Acknowledgments

The authors would like to thank Rick Boyles, Zach Brenton, Alex Cox, Matt Murphy and Matt Myers for their assistance with the provision of seeds, seed information, and/or the maintenance of plants in the greenhouse. The authors also thank Lindsay Shields for help with photography.

Conflicts of Interest

The authors declare that they do not have any commercial or other interests that represent a conflict of interest in connection with the submitted work.

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Figure 1. The in vitro tissue culture steps used for the Liu and Godwin (LG) and Wu et al. (WU) protocols, leading to plantlet regeneration, with Tx430 shown as the representative genotype. Arrows denote individual explants enlarged in the right RM panel photo.
Figure 1. The in vitro tissue culture steps used for the Liu and Godwin (LG) and Wu et al. (WU) protocols, leading to plantlet regeneration, with Tx430 shown as the representative genotype. Arrows denote individual explants enlarged in the right RM panel photo.
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Figure 2. Impact of LG and WU CIM on medium browning from immature embryo explants of diverse sorghum genotypes, following two weeks of culture on CIM. (a) Digital images were analyzed as described in the Materials and Methods and plotted as the mean area per petri plate (± SE) exhibiting medium browning. (b) Representative photos of petri plates for each genotype and protocol combination illustrating the levels of medium browning. Data shown in (a) were analyzed by one-way ANOVA, and tested for significance using Tukey’s HSD Post-hoc Test. For comparisons across genotypes for LG CIM, those with the same lowercase letter are not significantly different at p ≤ 0.05. For comparisons across genotypes for WU CIM, those with the same uppercase letter are not significantly different at p ≤ 0.05. For comparisons across the two media within a genotype, those with the same asterisk pattern are not significantly different at p ≤ 0.05.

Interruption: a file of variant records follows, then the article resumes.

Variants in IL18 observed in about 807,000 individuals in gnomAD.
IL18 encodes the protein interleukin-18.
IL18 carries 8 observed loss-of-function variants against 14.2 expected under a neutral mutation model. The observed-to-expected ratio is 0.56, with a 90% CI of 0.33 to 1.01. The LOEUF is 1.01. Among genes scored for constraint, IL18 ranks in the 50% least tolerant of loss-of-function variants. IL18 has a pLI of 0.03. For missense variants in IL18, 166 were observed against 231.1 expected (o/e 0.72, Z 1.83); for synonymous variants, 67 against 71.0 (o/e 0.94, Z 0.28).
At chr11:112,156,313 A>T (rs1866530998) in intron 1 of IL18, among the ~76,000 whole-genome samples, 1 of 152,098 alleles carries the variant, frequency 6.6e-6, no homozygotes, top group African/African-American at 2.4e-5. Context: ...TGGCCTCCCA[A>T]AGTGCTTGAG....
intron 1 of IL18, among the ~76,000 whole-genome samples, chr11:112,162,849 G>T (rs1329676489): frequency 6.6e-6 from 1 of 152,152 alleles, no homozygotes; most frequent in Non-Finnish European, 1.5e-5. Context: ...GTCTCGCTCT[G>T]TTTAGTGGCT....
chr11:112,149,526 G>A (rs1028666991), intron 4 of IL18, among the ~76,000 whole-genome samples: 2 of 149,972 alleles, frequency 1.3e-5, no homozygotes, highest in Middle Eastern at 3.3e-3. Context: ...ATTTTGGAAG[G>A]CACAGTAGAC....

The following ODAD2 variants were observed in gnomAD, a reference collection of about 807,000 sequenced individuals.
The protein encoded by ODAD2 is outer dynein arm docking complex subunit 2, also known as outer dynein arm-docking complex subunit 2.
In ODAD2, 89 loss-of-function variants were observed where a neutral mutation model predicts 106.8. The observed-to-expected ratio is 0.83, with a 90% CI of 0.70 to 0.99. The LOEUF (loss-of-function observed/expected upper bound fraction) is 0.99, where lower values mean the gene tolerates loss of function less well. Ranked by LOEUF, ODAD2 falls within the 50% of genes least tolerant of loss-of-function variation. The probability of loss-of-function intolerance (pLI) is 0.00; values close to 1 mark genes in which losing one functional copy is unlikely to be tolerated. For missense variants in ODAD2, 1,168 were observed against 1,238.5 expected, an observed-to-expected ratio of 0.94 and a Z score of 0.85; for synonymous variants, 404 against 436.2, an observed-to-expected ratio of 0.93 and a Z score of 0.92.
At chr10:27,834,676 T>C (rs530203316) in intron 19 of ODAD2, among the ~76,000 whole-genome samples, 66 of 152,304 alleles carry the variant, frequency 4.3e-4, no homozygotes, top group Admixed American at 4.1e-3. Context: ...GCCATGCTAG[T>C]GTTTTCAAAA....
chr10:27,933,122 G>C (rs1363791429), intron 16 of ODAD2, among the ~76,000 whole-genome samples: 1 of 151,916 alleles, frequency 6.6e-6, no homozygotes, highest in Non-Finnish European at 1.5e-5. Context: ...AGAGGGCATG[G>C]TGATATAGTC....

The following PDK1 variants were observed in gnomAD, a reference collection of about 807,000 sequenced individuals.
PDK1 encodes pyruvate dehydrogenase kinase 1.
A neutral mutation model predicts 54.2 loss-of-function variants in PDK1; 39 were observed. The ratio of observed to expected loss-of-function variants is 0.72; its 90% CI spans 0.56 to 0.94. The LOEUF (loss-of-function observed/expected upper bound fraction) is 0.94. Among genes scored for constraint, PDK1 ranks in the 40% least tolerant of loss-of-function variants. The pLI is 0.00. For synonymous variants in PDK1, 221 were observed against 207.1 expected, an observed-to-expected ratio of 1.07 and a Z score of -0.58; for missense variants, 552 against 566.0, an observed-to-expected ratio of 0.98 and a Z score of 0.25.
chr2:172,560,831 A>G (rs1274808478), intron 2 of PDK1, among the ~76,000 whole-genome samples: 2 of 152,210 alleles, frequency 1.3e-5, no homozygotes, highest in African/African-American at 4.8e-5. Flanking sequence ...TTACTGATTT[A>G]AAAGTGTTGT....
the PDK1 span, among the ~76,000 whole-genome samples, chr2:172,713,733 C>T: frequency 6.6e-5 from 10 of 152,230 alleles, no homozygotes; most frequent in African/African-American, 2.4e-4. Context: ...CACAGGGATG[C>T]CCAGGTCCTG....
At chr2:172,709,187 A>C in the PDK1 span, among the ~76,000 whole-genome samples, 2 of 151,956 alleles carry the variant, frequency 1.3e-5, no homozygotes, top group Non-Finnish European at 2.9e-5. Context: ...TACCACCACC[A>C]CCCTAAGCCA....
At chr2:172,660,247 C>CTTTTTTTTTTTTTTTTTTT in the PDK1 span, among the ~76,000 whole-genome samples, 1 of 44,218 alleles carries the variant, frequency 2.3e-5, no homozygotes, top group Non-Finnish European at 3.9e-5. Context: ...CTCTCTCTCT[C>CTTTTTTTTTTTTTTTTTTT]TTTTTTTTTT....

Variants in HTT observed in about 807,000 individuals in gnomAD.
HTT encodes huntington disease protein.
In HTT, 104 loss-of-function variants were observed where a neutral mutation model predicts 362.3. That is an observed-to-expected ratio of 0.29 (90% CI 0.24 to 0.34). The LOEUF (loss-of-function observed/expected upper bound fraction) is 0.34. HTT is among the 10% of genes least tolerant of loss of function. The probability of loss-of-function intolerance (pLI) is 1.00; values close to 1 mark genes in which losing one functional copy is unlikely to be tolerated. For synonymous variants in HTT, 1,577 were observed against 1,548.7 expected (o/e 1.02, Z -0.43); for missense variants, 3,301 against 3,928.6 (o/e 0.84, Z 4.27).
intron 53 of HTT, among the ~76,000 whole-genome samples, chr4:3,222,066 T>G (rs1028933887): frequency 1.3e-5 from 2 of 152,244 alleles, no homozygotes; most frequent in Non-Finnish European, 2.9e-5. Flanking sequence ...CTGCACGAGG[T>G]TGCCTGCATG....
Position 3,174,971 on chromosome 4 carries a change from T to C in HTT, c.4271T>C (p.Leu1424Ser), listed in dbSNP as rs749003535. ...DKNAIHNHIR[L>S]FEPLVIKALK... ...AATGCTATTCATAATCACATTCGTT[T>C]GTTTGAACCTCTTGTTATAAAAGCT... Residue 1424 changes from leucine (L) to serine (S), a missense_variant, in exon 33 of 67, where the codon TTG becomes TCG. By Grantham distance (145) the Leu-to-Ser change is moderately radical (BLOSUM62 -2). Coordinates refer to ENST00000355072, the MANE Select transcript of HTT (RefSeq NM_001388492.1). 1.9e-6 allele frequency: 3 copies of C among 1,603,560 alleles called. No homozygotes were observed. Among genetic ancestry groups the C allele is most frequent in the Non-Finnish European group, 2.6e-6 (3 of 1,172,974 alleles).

Figure 2. Impact of LG and WU CIM on medium browning from immature embryo explants of diverse sorghum genotypes, following two weeks of culture on CIM. (a) Digital images were analyzed as described in the Materials and Methods and plotted as the mean area per petri plate (± SE) exhibiting medium browning. (b) Representative photos of petri plates for each genotype and protocol combination illustrating the levels of medium browning. Data shown in (a) were analyzed by one-way ANOVA, and tested for significance using Tukey’s HSD Post-hoc Test. For comparisons across genotypes for LG CIM, those with the same lowercase letter are not significantly different at p ≤ 0.05. For comparisons across genotypes for WU CIM, those with the same uppercase letter are not significantly different at p ≤ 0.05. For comparisons across the two media within a genotype, those with the same asterisk pattern are not significantly different at p ≤ 0.05.
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Figure 3. Impact of LG and WU RM on explant phenotype for the various genotypes, following four weeks of culture on RM. Representative photos of petri plates for each genotype and protocol combination illustrating the levels of callus proliferation and medium browning.